When we talk about crystalline ceramics, we are referring to the glaze which is used to cover the ceramic piece. Crystalline glazed ceramics are time consuming to produce and often, the materials are expensive. The elaborate process can often result is many failures but it is all worthwhile for the stunning, iridescent results that can be produced.
The crystalline glaze contains various chemical components, commonly Silica and Zinc Oxide which combine to create Zinc Ciliate. Macro-crystals in the glaze form around a tiny Zinc Oxide crystal which will have Zinc and Silica Oxide molecules attached to it. This is what creates the specific arrangements seen amongst the crystals.
Other molecules such as Titanium and Lithium can be used to encourage crystal growth. Then, colouring oxides are added such as, cobalt, nickel, copper, iron, and manganese, which will all react in different ways. For example, a mixture of cobalt and manganese will make crystals appear blue as the cobalt overrides the yellow colour of manganese.
A thick layer of glaze is applied to the top of the piece, around 4-5mm, with a thinning layer at the base of the piece, as the glazes can be very running so the glaze at the apex will run to the bottom.
Due to the runny nature of the glaze, a special ring must be made for each piece, as well as a plate, to act as a glaze catcher which exactly fits the base of the piece. This protects the shelves of the kiln. Once fired, the plate is removed using a blowtorch and the bottom is grinded with a diamond grinding disc to make it smooth.
The crystalline glaze ceramics are fired in a kiln at around 1280°C for several hours. Once a liquid matrix is formed from the molten glaze, the kiln is then cooled to the temperature at which the crystals will grow, which is usually around 1050 - 1150°C. The crystals take around 3-5 hours to grow. This hot and lengthy process allows the glaze molecules to move and arrange themselves into structured strings and crystals.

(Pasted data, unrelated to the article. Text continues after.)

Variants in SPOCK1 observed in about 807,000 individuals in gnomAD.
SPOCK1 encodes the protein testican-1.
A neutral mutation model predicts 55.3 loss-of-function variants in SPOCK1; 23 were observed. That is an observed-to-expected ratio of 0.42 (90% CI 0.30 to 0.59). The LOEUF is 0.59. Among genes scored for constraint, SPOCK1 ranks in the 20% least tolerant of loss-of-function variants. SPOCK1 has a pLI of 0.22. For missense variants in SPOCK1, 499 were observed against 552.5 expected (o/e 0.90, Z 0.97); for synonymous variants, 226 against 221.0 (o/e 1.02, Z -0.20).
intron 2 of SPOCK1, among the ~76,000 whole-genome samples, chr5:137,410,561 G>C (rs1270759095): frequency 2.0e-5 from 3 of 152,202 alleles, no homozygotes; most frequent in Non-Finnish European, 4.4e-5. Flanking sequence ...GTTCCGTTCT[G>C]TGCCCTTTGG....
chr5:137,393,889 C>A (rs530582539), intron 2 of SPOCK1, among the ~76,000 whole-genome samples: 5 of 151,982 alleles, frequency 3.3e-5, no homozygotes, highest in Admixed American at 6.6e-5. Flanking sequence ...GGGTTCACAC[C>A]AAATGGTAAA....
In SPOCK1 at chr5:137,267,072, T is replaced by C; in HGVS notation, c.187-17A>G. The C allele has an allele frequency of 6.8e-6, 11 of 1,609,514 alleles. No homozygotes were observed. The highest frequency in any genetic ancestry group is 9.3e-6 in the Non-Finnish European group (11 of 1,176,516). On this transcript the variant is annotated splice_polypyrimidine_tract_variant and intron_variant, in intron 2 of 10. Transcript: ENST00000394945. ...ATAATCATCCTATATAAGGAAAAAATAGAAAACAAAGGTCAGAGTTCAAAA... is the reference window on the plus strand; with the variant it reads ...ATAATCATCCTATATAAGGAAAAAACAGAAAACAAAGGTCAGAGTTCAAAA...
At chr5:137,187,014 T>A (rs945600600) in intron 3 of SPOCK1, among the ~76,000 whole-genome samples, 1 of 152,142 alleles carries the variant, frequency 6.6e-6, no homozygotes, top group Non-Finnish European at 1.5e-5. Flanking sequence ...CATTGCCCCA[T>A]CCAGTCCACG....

Depending on the temperature in which the kiln is cooled to, different shapes of crystals will form. At a lower temperature, round crystals are formed. At a higher temperature, axe heads and spikes are produced. A range of crystals can be formed on one piece if the temperature within the kiln is constantly changed and fluctuating. This way halo rings can also be produced.
The crystals can become a range of sizes, in which some can grow up to four of five inches across the matrix. However, most are not this large. When the crystals cool down, they obtain their final appearance and will not change. The modifications of the appearance of the crystals are a result of the specific chemical compositions of the glaze.
Some pieces can undergo a further process of acid etching where the piece is put into an acid bath for 24 hours which leaches some of the crystals and make them stand out more.
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